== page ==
“She says it’s so different from here, but she loves it!  My mom is putting together a package to send her; I’ll write her a note and remind her to write to you.”

“Thanks.”

As I walked with my curly fries to where I expected Rachel to be, I noticed that the class competition had begun; two students from each class were competing to build the tallest sandcastle in a certain time limit.  One of the sandcastle-builders for the junior class was Annie Gambrell; I paused to watch for a few minutes, hoping that Annie would notice me, but she didn’t. This was not a good time to try to talk to her, of course, since she was in the middle of making a sandcastle.  I walked back over to where Rachel had told me to meet her; she was there now, with a few of her friends whom I didn’t know as well.

“So you just woke up and decided to come visit your high school?” Rachel asked.

“Not exactly,” I explained, telling her about Melissa’s invitation and earlier departure.

“Jeromeville is on quarters, so you’ll have new classes when you go back next week, is that right?”

“Yes.  I’m taking math, physics, chemistry, and a class for the IHP called Psychology and the Law.”

“That sounds interesting.  What’s that last one about?”

“I’m not really sure, except that it’s about psychology, and the law,” I explained.  Rachel laughed. “It’s the heaviest course load I’ve had so far, but math and chemistry are pretty easy to me, and physics was always easy in high school, so I should be okay.”  (I wasn’t as okay as I thought I would be in terms of my classes, but that’s a story for later.)

“Do you need physics and chemistry for a math major?”

“Physics, yes, one year.  I was also thinking about majoring in physics, which would need chemistry; I haven’t decided for sure yet.  Chemistry, not for math, but I would if I majored in physics. Physics for science and engineering majors doesn’t start until spring quarter, so I haven’t had physics at all yet.  I’ll see how that goes before I decide for sure.”

“That makes sense,” Rachel said, nodding.  “So what does it feel like being back?”

“It’s good to see everyone.  But it’s a little weird too. It’s like, class competitions, flyers all over the place advertising the dance, those people making out behind us, all that stuff is high school stuff, and I’m not in high school anymore.”

“That makes sense.  I certainly won’t miss all that stuff when I get out of here next year.”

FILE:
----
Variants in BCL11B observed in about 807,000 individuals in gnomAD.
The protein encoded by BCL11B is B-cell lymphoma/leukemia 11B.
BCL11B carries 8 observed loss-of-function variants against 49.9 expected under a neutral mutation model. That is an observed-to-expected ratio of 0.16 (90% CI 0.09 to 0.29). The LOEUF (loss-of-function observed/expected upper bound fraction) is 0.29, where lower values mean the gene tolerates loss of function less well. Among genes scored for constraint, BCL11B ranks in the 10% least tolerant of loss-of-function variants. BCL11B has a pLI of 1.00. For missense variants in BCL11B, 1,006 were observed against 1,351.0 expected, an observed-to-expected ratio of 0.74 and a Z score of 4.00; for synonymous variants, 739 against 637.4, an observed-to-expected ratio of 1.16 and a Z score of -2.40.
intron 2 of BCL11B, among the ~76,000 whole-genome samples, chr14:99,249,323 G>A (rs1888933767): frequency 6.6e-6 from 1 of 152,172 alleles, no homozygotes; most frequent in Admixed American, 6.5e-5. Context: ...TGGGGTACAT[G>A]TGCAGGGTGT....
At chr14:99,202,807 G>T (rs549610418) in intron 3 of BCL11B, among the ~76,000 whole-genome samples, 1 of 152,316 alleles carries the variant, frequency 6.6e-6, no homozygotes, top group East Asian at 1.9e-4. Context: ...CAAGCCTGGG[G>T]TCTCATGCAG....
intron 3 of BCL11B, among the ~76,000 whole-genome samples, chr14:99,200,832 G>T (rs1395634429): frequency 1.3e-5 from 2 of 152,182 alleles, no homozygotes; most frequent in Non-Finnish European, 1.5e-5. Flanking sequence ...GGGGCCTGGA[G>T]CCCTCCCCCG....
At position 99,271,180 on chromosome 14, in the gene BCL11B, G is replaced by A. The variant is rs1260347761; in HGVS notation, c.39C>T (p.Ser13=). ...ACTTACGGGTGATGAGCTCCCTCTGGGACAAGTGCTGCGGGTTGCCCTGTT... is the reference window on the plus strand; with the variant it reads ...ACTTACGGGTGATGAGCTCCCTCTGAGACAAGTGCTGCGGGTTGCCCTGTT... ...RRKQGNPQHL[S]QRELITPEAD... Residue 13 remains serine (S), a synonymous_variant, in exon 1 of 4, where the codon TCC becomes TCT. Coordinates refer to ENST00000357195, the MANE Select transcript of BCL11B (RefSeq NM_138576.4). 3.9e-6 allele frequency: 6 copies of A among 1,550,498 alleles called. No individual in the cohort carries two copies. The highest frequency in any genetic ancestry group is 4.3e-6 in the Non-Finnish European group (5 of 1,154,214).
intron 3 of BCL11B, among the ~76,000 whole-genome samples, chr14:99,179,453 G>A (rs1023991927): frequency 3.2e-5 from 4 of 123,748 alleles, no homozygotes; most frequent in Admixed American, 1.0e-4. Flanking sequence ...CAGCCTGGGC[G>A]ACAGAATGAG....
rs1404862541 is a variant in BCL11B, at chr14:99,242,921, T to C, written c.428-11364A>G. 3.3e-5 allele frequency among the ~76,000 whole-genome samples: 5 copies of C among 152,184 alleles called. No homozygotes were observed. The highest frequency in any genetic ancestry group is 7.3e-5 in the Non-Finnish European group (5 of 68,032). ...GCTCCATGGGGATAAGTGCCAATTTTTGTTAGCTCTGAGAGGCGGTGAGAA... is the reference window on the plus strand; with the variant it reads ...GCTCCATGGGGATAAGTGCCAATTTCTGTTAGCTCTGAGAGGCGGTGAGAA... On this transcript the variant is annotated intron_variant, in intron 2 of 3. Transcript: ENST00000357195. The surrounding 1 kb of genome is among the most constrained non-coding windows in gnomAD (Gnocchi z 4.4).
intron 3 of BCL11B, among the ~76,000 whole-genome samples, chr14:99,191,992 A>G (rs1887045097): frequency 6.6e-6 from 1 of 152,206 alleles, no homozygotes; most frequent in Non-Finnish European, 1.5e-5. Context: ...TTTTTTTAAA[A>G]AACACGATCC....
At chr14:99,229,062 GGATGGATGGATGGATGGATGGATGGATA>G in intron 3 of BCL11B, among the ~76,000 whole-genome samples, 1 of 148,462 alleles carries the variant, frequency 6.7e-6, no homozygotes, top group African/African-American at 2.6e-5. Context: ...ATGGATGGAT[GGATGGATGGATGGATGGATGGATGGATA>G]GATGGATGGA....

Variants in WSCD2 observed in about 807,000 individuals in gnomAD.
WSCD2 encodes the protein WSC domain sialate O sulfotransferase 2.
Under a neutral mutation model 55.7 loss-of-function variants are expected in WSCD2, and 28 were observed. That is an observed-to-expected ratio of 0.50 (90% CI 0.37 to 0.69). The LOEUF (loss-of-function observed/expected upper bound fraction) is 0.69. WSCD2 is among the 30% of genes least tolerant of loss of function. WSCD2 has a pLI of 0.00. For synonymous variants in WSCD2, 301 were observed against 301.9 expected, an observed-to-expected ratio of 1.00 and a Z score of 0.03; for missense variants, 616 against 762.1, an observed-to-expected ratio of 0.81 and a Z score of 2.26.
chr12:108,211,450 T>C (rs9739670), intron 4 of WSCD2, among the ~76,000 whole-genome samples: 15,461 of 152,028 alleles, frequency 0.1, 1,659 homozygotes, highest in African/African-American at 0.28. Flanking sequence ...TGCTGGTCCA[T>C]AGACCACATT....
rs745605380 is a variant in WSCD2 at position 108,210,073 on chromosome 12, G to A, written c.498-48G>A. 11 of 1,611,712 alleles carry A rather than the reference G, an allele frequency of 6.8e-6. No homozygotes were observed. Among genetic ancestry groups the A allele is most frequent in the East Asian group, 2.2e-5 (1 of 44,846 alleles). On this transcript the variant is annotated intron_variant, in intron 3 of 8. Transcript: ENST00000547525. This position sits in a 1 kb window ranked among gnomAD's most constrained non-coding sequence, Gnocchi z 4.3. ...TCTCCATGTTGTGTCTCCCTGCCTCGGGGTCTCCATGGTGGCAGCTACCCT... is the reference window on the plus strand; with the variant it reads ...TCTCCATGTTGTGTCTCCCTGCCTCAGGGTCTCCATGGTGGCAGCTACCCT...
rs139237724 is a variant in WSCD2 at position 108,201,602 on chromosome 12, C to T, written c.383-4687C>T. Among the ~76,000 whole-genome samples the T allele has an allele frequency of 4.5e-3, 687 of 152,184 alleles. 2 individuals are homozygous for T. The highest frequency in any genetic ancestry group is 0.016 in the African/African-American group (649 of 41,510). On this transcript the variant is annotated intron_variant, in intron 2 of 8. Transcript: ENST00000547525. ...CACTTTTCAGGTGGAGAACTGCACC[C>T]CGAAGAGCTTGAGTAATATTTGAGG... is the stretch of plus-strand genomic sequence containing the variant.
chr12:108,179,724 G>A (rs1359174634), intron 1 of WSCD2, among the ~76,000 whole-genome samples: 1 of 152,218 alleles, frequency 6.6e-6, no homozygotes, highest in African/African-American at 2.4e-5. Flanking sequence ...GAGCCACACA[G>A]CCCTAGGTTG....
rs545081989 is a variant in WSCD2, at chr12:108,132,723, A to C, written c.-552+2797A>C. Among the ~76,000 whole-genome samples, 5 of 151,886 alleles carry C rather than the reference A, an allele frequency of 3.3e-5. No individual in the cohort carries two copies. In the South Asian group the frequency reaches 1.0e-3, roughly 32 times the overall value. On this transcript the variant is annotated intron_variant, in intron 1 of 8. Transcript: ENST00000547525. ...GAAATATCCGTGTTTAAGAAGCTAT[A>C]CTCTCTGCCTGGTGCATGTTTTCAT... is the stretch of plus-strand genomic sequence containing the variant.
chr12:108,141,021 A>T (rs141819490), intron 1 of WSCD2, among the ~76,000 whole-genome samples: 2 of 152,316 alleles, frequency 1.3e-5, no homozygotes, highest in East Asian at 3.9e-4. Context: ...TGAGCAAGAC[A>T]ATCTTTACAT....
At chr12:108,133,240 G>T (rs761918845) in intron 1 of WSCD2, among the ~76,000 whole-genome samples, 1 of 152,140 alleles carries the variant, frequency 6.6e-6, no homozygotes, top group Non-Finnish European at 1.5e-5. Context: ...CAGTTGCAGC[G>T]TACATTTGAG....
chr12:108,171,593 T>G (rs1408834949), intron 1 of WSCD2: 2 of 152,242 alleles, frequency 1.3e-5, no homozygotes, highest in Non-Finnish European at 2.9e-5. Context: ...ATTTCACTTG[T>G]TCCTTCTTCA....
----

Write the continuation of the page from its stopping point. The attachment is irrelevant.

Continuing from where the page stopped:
“Do you know where you’re going yet?  The last time we talked about it, I think you wanted to go to St. Elizabeth’s.”

“That’s still my first choice.  They should start sending out acceptance letters in about a week, they said.”

“I’ve never been there.”

“It’s such a beautiful campus.  And it’s a small school. And I’m not Catholic, but there’s something spiritual about that campus that I liked when I visited,” Rachel said.  I wasn’t sure what she meant by spiritual, her tone sounded kind of New Age-ish, but hey, whatever works.

A while later, just after the bell rang to end lunch, Rachel said, “I’m glad I got to see you today, Greg.  Will you be here the rest of the day?”

“I think I’m just going to go home.  I’ve seen everyone I wanted to say hi to, pretty much, and I’m getting tired.  But I’m glad we got to hang out.”

“Okay.  Call me any time.  And I’ll write you soon.”

“I will.”

“Bye, Greg.”  Rachel hugged me.

“Have a good day,” I said, turning around toward the parking lot.  I took a few steps, then turned back toward campus. I considered for a few seconds trying to figure out what class Annie Gambrell had, so I could say hi to her, since she was busy earlier.  I gave her my address at Homecoming, and she hadn’t written me; maybe she lost it. No, probably not; people just don’t write like they say they will. And she had a boyfriend, so I shouldn’t be getting my hopes up anyway.  Then again, maybe they broke up; it had been almost six months since I’d last seen Annie. No, I told myself, forget it. I kept walking toward the car.